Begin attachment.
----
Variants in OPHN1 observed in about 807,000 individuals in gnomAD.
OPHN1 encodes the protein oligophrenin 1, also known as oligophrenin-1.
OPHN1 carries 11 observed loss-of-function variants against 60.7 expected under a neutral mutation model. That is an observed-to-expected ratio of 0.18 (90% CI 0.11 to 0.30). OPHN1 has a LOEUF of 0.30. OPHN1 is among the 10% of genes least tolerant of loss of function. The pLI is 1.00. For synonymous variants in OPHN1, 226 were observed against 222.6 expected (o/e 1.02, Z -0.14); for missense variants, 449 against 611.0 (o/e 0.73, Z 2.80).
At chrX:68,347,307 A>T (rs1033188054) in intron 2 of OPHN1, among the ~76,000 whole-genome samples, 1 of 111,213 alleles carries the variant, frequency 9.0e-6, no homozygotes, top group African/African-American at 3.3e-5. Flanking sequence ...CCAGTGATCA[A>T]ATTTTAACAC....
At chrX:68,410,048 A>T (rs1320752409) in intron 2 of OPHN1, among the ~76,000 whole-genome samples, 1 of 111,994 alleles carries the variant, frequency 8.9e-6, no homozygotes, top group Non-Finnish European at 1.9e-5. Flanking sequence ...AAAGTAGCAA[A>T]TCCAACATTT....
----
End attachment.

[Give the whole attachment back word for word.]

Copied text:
Variants in OPHN1 observed in about 807,000 individuals in gnomAD.
OPHN1 encodes the protein oligophrenin 1, also known as oligophrenin-1.
OPHN1 carries 11 observed loss-of-function variants against 60.7 expected under a neutral mutation model. That is an observed-to-expected ratio of 0.18 (90% CI 0.11 to 0.30). OPHN1 has a LOEUF of 0.30. OPHN1 is among the 10% of genes least tolerant of loss of function. The pLI is 1.00. For synonymous variants in OPHN1, 226 were observed against 222.6 expected (o/e 1.02, Z -0.14); for missense variants, 449 against 611.0 (o/e 0.73, Z 2.80).
At chrX:68,347,307 A>T (rs1033188054) in intron 2 of OPHN1, among the ~76,000 whole-genome samples, 1 of 111,213 alleles carries the variant, frequency 9.0e-6, no homozygotes, top group African/African-American at 3.3e-5. Flanking sequence ...CCAGTGATCA[A>T]ATTTTAACAC....
At chrX:68,410,048 A>T (rs1320752409) in intron 2 of OPHN1, among the ~76,000 whole-genome samples, 1 of 111,994 alleles carries the variant, frequency 8.9e-6, no homozygotes, top group Non-Finnish European at 1.9e-5. Flanking sequence ...AAAGTAGCAA[A>T]TCCAACATTT....